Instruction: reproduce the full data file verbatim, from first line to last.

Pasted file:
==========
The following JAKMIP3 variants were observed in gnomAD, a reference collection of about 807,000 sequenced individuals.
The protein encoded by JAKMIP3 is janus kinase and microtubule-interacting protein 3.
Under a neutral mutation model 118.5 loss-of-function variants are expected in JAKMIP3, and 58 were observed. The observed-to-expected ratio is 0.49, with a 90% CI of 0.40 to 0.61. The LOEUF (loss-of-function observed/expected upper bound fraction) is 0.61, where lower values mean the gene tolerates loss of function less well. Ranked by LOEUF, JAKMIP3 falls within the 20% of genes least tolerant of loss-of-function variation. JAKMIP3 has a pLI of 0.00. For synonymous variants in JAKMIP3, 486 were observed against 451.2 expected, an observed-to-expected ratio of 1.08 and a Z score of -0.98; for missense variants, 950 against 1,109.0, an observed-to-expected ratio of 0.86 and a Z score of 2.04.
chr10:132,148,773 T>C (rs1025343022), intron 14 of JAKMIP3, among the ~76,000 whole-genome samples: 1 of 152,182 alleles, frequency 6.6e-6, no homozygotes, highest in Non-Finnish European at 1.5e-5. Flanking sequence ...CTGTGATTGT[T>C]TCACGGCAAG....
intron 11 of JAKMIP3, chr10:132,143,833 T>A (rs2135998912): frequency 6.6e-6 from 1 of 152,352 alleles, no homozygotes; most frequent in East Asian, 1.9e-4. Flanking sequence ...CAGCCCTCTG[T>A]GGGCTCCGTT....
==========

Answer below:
The following JAKMIP3 variants were observed in gnomAD, a reference collection of about 807,000 sequenced individuals.
The protein encoded by JAKMIP3 is janus kinase and microtubule-interacting protein 3.
Under a neutral mutation model 118.5 loss-of-function variants are expected in JAKMIP3, and 58 were observed. The observed-to-expected ratio is 0.49, with a 90% CI of 0.40 to 0.61. The LOEUF (loss-of-function observed/expected upper bound fraction) is 0.61, where lower values mean the gene tolerates loss of function less well. Ranked by LOEUF, JAKMIP3 falls within the 20% of genes least tolerant of loss-of-function variation. JAKMIP3 has a pLI of 0.00. For synonymous variants in JAKMIP3, 486 were observed against 451.2 expected, an observed-to-expected ratio of 1.08 and a Z score of -0.98; for missense variants, 950 against 1,109.0, an observed-to-expected ratio of 0.86 and a Z score of 2.04.
chr10:132,148,773 T>C (rs1025343022), intron 14 of JAKMIP3, among the ~76,000 whole-genome samples: 1 of 152,182 alleles, frequency 6.6e-6, no homozygotes, highest in Non-Finnish European at 1.5e-5. Flanking sequence ...CTGTGATTGT[T>C]TCACGGCAAG....
intron 11 of JAKMIP3, chr10:132,143,833 T>A (rs2135998912): frequency 6.6e-6 from 1 of 152,352 alleles, no homozygotes; most frequent in East Asian, 1.9e-4. Flanking sequence ...CAGCCCTCTG[T>A]GGGCTCCGTT....